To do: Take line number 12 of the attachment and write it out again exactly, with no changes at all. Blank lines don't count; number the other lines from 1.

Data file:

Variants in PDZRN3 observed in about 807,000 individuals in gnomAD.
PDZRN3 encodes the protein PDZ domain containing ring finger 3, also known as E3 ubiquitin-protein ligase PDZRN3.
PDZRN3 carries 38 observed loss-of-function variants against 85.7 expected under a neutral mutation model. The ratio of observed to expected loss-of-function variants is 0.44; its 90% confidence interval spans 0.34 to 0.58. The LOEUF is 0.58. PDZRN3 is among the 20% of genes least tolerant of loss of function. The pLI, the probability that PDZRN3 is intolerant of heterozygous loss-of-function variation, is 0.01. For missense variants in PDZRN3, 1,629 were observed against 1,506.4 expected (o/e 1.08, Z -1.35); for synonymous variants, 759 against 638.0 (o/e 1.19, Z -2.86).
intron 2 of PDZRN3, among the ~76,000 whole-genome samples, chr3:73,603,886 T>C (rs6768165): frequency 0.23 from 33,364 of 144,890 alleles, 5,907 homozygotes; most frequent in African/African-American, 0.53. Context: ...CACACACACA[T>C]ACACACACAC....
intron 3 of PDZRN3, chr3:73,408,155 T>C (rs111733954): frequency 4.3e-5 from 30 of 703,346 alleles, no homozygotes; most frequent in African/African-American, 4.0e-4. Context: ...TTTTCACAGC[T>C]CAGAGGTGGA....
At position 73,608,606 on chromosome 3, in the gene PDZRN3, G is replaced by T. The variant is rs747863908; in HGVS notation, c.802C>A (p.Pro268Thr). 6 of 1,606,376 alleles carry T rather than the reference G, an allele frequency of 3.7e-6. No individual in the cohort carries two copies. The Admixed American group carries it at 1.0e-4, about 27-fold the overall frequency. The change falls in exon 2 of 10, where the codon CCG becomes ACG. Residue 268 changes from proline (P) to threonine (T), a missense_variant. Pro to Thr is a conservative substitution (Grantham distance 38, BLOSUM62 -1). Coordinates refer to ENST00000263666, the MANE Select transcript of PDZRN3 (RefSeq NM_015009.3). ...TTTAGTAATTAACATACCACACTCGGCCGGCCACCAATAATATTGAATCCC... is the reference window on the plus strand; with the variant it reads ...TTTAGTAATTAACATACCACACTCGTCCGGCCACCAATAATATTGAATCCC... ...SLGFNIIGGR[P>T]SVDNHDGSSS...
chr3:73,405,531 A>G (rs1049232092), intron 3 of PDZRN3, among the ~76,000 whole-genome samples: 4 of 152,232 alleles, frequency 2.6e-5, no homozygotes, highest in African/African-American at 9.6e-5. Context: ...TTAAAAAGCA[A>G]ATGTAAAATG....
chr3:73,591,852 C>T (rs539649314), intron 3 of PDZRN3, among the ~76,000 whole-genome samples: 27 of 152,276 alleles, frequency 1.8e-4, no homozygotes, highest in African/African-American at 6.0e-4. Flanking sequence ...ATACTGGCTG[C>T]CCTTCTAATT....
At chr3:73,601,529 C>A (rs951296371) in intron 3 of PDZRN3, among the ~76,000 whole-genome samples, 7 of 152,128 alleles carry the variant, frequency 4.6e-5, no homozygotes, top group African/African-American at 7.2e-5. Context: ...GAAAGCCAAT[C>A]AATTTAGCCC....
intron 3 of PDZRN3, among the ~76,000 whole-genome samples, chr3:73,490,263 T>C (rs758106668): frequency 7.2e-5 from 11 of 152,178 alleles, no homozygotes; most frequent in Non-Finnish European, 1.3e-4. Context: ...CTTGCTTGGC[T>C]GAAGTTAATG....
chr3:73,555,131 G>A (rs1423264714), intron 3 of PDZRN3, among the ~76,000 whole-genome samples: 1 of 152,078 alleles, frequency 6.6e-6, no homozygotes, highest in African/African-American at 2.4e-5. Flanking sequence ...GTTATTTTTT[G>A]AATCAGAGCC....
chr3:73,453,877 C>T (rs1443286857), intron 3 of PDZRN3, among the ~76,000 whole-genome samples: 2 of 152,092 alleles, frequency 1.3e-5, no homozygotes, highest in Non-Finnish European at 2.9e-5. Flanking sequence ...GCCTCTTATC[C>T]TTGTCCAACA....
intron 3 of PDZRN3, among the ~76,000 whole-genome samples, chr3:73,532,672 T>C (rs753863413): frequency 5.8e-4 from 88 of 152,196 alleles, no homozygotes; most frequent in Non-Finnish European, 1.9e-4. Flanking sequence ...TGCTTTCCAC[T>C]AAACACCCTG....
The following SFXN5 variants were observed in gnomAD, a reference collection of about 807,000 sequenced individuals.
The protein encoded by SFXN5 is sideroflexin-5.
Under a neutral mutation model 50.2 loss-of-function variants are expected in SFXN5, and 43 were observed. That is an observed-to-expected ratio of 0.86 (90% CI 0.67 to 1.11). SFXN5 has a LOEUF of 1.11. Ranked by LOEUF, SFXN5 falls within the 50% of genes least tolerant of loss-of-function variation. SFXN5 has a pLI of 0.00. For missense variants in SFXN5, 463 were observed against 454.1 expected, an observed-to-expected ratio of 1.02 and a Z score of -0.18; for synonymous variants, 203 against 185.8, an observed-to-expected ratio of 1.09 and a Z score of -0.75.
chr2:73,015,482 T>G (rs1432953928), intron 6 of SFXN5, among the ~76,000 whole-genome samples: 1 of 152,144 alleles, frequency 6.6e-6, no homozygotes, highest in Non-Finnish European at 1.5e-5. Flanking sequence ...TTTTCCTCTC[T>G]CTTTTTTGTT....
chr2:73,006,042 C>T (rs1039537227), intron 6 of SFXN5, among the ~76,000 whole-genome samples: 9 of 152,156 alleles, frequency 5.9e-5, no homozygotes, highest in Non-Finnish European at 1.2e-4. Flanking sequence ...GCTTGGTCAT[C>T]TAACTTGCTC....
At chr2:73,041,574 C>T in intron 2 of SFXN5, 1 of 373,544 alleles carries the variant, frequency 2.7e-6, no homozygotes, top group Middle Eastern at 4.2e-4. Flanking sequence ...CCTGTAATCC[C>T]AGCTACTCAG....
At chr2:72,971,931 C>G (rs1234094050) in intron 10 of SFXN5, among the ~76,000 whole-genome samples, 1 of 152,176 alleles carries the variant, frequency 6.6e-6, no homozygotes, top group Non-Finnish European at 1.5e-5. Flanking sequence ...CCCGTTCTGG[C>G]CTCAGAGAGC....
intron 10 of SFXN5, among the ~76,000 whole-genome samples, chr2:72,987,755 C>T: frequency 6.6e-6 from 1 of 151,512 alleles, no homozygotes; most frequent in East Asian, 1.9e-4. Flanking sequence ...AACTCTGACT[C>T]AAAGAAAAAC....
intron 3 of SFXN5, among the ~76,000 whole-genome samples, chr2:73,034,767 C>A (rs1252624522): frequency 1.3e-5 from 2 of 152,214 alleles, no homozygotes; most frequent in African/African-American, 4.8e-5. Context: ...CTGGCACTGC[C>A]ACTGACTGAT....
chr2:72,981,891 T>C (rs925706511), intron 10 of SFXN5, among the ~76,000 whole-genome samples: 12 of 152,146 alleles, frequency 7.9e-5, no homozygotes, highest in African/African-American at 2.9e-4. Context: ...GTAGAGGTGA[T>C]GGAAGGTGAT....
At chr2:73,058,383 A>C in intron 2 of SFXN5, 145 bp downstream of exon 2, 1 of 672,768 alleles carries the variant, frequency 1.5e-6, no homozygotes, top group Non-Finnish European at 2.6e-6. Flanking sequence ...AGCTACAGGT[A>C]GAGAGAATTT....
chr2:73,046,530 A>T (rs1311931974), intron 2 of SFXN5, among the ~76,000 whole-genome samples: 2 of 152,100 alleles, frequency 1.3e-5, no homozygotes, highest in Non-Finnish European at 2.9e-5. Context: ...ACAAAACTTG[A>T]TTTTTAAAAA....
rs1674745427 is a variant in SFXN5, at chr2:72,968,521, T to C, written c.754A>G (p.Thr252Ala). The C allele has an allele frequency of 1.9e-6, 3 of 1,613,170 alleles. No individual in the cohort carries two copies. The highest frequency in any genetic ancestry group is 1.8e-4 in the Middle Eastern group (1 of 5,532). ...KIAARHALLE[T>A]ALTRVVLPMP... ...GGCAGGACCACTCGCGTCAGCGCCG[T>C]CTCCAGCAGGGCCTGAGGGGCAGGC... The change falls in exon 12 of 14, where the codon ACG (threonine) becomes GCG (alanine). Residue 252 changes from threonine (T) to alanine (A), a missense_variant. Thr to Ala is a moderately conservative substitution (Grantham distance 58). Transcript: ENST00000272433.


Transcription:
chr3:73,453,877 C>T (rs1443286857), intron 3 of PDZRN3, among the ~76,000 whole-genome samples: 2 of 152,092 alleles, frequency 1.3e-5, no homozygotes, highest in Non-Finnish European at 2.9e-5. Flanking sequence ...GCCTCTTATC[C>T]TTGTCCAACA....